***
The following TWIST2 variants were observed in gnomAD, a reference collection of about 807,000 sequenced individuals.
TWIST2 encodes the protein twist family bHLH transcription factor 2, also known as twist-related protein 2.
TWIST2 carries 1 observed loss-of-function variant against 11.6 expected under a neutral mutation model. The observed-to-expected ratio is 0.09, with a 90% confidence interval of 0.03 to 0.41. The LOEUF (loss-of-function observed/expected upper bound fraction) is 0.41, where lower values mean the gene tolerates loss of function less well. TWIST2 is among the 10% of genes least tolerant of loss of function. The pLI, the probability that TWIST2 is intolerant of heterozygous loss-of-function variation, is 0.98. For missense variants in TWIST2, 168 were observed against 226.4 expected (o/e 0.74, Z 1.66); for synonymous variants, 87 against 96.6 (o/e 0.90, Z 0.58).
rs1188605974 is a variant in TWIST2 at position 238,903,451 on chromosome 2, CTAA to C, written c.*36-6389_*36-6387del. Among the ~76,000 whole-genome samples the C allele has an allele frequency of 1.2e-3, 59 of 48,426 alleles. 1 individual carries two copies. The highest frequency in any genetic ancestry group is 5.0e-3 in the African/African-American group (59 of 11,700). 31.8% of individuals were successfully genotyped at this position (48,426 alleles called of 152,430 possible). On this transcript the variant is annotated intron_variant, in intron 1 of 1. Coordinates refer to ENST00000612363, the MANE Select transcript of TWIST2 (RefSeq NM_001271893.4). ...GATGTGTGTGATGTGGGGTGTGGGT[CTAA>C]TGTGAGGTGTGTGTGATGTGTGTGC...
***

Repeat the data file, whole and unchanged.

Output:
The following TWIST2 variants were observed in gnomAD, a reference collection of about 807,000 sequenced individuals.
TWIST2 encodes the protein twist family bHLH transcription factor 2, also known as twist-related protein 2.
TWIST2 carries 1 observed loss-of-function variant against 11.6 expected under a neutral mutation model. The observed-to-expected ratio is 0.09, with a 90% confidence interval of 0.03 to 0.41. The LOEUF (loss-of-function observed/expected upper bound fraction) is 0.41, where lower values mean the gene tolerates loss of function less well. TWIST2 is among the 10% of genes least tolerant of loss of function. The pLI, the probability that TWIST2 is intolerant of heterozygous loss-of-function variation, is 0.98. For missense variants in TWIST2, 168 were observed against 226.4 expected (o/e 0.74, Z 1.66); for synonymous variants, 87 against 96.6 (o/e 0.90, Z 0.58).
rs1188605974 is a variant in TWIST2 at position 238,903,451 on chromosome 2, CTAA to C, written c.*36-6389_*36-6387del. Among the ~76,000 whole-genome samples the C allele has an allele frequency of 1.2e-3, 59 of 48,426 alleles. 1 individual carries two copies. The highest frequency in any genetic ancestry group is 5.0e-3 in the African/African-American group (59 of 11,700). 31.8% of individuals were successfully genotyped at this position (48,426 alleles called of 152,430 possible). On this transcript the variant is annotated intron_variant, in intron 1 of 1. Coordinates refer to ENST00000612363, the MANE Select transcript of TWIST2 (RefSeq NM_001271893.4). ...GATGTGTGTGATGTGGGGTGTGGGT[CTAA>C]TGTGAGGTGTGTGTGATGTGTGTGC...